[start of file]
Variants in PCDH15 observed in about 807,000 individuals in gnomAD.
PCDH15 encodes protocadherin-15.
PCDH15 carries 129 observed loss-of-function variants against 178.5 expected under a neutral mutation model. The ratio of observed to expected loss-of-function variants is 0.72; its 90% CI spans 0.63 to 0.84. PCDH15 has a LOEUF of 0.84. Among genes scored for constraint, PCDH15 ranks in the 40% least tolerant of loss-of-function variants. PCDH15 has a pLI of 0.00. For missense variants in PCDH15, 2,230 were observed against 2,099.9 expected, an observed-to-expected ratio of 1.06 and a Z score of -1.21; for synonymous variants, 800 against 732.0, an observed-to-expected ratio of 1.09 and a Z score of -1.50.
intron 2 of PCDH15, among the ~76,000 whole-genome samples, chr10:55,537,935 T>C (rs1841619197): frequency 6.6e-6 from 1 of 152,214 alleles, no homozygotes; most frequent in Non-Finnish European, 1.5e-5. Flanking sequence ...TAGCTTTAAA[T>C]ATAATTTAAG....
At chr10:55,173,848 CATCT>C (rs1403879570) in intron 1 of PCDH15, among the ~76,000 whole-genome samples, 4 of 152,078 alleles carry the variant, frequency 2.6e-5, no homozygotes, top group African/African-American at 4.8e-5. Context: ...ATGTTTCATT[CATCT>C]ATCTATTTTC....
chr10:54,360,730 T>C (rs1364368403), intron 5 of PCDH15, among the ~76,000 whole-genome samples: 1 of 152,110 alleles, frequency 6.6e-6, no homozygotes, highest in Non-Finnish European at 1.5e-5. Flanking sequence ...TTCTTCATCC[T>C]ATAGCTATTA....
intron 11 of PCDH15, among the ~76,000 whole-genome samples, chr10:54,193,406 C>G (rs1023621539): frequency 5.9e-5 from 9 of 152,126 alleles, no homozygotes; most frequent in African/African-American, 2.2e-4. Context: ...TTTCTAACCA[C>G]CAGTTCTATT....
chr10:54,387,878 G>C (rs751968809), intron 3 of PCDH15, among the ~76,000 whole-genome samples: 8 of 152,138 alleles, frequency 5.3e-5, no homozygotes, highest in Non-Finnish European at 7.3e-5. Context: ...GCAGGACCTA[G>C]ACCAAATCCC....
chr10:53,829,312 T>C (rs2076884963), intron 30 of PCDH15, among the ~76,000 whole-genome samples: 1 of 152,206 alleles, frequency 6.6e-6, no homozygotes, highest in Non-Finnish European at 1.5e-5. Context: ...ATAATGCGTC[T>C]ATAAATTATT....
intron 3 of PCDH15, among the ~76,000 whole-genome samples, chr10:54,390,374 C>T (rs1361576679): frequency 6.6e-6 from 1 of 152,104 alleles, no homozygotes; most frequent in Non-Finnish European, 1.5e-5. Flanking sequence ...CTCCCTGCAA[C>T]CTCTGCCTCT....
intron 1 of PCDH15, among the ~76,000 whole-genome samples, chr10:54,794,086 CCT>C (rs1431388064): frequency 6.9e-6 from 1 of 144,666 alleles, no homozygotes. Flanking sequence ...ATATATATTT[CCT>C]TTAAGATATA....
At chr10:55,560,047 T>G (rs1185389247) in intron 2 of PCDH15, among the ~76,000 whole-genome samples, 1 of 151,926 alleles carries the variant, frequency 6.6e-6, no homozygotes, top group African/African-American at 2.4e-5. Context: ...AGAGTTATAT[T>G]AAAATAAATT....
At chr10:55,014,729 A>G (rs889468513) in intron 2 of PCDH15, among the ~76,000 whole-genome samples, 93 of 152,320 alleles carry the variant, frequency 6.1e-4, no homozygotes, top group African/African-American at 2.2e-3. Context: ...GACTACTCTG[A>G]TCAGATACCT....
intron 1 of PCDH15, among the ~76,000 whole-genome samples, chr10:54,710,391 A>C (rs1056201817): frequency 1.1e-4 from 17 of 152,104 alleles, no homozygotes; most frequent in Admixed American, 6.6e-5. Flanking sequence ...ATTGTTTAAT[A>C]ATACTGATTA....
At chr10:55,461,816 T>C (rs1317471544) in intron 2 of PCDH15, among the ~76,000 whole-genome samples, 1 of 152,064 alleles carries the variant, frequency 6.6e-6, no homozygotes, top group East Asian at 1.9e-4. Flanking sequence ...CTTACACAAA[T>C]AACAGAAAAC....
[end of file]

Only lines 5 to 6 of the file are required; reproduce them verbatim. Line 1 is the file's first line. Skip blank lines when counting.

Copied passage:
At chr10:55,173,848 CATCT>C (rs1403879570) in intron 1 of PCDH15, among the ~76,000 whole-genome samples, 4 of 152,078 alleles carry the variant, frequency 2.6e-5, no homozygotes, top group African/African-American at 4.8e-5. Context: ...ATGTTTCATT[CATCT>C]ATCTATTTTC....
chr10:54,360,730 T>C (rs1364368403), intron 5 of PCDH15, among the ~76,000 whole-genome samples: 1 of 152,110 alleles, frequency 6.6e-6, no homozygotes, highest in Non-Finnish European at 1.5e-5. Flanking sequence ...TTCTTCATCC[T>C]ATAGCTATTA....